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What could cause 7,899 of only 26,817 of Iowa's residents surveyed to have problems with alcohol abuse? That's about like asking why the tassels on the corn stalks in one of Iowa's many cornfields turn yellow when the corn is ready to pick.

This figure only encompasses those residents who admitted to abusing or being addicted to alcohol only. 5,411 other Iowa residents admitted to having a problem with both alcohol and illicit drug use. And, this number could have taken in both "street" drugs and prescription drugs. Why were 74.3% of those admitting to alcohol only abuse males? For that matter, why were 27.1% of those Iowa residents admitting to alcohol and drug abuse female?

Statistics give a lot of information, and that is good. It gives those who are responsible for providing drug and alcohol treatment through Iowa's 91 treatment facilities clues as to how to go about implementing their programs and designing their buildings so that the best treatment possible can be given.

For example, one treatment facility may decide that it would best serve the area in which it is located by treating only those who have an alcohol addiction. That may sound simple, but then there are other considerations.

Those who operate and staff the treatment facility will have to decide if they will provide the care needed for someone who is going through alcohol detox. Detox is a short form of the word "detoxification" and refers to the process in which a person's body is ridding itself of the physical, mental, and emotional effects of alcohol abuse. It can also be referred to as "withdrawal". And, at the risk of being slightly ungrammatical here, it ain't pretty.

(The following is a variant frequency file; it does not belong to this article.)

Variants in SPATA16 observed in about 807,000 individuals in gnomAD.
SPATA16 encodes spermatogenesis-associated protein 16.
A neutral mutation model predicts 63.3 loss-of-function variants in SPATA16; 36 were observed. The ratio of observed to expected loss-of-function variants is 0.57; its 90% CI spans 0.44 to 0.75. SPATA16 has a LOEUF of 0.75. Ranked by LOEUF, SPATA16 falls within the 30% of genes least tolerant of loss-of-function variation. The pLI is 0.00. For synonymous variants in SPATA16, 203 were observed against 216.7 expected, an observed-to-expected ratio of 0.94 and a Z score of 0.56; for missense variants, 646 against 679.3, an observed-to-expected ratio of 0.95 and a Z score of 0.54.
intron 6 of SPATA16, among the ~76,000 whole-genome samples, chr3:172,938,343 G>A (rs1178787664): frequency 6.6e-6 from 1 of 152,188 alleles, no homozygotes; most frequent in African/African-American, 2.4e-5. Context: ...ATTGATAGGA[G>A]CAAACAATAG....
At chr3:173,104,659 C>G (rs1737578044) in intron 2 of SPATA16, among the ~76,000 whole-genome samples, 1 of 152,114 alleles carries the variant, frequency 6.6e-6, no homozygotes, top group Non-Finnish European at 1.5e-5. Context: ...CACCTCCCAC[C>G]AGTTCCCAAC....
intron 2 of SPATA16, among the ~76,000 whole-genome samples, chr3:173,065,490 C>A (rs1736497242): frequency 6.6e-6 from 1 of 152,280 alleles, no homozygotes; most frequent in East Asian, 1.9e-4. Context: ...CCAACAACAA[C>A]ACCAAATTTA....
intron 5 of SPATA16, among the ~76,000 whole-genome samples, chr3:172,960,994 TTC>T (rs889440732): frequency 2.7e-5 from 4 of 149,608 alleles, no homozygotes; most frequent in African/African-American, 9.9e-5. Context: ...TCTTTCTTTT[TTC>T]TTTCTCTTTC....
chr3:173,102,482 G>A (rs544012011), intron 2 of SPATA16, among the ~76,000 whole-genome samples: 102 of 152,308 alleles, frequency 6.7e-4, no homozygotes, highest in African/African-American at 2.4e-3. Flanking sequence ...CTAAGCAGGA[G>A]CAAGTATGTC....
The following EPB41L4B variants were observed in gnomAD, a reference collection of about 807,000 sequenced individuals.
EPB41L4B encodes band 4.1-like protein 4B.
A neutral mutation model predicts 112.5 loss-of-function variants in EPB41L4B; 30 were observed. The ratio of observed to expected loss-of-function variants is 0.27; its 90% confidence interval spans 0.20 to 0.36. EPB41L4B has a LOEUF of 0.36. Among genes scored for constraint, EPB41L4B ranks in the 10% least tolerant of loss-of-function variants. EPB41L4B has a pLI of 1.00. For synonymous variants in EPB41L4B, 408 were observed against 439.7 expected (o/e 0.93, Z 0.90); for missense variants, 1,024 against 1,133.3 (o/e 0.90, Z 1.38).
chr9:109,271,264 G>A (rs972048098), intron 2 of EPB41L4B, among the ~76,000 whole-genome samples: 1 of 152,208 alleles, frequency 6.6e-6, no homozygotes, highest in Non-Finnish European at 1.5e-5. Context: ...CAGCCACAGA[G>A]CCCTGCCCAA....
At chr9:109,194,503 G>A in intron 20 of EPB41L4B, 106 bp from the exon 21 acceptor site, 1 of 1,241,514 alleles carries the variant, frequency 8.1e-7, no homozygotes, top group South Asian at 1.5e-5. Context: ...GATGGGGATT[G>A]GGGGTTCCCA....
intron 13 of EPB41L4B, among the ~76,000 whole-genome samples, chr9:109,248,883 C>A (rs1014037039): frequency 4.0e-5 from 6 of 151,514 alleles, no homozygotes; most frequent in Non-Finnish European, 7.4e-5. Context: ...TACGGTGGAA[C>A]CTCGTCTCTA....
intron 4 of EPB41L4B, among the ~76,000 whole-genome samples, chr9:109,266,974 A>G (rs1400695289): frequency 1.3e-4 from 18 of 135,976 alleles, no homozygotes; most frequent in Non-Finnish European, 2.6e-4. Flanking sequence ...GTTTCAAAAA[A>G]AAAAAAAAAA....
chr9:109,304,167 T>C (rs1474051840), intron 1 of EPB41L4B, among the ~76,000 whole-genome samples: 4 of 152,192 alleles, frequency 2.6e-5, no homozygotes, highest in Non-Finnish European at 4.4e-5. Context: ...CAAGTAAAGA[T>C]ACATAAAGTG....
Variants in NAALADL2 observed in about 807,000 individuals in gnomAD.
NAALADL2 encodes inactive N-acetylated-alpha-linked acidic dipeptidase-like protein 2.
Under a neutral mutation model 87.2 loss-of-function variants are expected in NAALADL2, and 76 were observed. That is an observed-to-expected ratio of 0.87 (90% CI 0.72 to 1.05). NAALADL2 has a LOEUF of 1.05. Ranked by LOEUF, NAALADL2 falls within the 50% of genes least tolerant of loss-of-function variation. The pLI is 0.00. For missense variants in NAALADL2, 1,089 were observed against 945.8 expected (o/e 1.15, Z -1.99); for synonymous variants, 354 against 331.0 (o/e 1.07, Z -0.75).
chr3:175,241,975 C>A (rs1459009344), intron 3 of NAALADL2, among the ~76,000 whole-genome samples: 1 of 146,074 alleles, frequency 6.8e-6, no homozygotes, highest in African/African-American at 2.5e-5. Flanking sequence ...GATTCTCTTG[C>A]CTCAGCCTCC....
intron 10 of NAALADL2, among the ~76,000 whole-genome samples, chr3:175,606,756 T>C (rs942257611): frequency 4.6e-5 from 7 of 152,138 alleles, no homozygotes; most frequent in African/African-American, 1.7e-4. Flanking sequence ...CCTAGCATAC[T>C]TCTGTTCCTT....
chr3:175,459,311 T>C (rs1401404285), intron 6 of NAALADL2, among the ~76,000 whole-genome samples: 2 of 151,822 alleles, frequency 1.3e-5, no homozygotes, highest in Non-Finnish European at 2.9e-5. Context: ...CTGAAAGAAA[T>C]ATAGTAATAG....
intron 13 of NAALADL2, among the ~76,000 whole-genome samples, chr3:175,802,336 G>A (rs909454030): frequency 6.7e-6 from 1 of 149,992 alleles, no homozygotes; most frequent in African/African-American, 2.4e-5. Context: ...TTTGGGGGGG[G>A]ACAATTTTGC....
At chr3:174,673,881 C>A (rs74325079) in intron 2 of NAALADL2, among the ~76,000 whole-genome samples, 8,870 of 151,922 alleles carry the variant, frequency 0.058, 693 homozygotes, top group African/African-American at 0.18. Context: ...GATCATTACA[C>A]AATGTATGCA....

Detoxification must occur, however, before a treatment program for alcohol addiction can even begin. Detox from alcohol is bad enough in its own right, but when coupled with withdrawal from another drug, such as cocaine or heroin, or even a prescription drug such as Oxycontin, it can be doubly worse.

During the detoxification phase, a person often experiences nausea and vomiting, increased sweating, and muscle tremors. Some people going through detox have actually shaken so much that they were unable to sit or lie down and suffered injuries from falling.

Other people may experience extreme abdominal pain. This is not only from the nausea that occurs during detox, and any violent vomiting that may have resulted, but also because the body is actually sending out signals that it needs the alcohol from which it is being deprived.

Some treatment facilities may not be able to accept patients who have not already passed through the detoxification stage. They simply cannot provide the palliative medical care that is needed during this time. Further, detoxification can sometimes threaten a person's life, especially if he was in poor health to begin with, and the facility may not be equipped to handle such emergencies. It may be necessary for a person to enter into a health care setting, such as a hospital, during detox and then report to the treatment facility once he is able.

A treatment facility that does provide detox care, however, can be an asset to a patient in more ways than one. Not only does a patient have somewhere to go while experiencing this terrible episode in his treatment program, depending on how the facility is set up, he may be able to remain there for the entire time he is undergoing drug treatment. Further, this may even be extended to include both the in-patient portion and out-patient portion of the treatment.

Having this consistency and stability may just be what an Iowa resident who is receiving treatment for alcohol addiction needs. Knowing that he will be waking up in the same place every day, at least for a while, and seeing the same people for a certain amount of time, might just make it easier for him to succeed in his goal to stop drinking.

http://www.niaaa.nih.gov/
http://infomine.ucr.edu/cgi-bin/view_record?record_id=16308&theme=infomine_popup&categories=

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